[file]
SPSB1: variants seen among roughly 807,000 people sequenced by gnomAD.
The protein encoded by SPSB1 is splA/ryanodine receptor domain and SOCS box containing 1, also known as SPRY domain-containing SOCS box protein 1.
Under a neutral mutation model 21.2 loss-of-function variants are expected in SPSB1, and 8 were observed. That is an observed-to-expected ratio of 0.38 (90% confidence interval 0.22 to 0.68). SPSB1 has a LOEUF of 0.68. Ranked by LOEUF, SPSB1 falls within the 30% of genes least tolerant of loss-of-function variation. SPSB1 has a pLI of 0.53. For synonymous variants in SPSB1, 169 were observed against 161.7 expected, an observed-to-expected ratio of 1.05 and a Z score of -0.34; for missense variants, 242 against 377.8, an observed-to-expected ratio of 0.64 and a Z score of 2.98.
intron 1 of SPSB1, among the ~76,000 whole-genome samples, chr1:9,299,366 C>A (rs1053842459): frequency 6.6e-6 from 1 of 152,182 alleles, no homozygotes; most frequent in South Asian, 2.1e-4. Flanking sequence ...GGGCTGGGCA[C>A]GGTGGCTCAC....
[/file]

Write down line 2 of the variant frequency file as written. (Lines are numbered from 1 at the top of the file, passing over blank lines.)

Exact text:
The protein encoded by SPSB1 is splA/ryanodine receptor domain and SOCS box containing 1, also known as SPRY domain-containing SOCS box protein 1.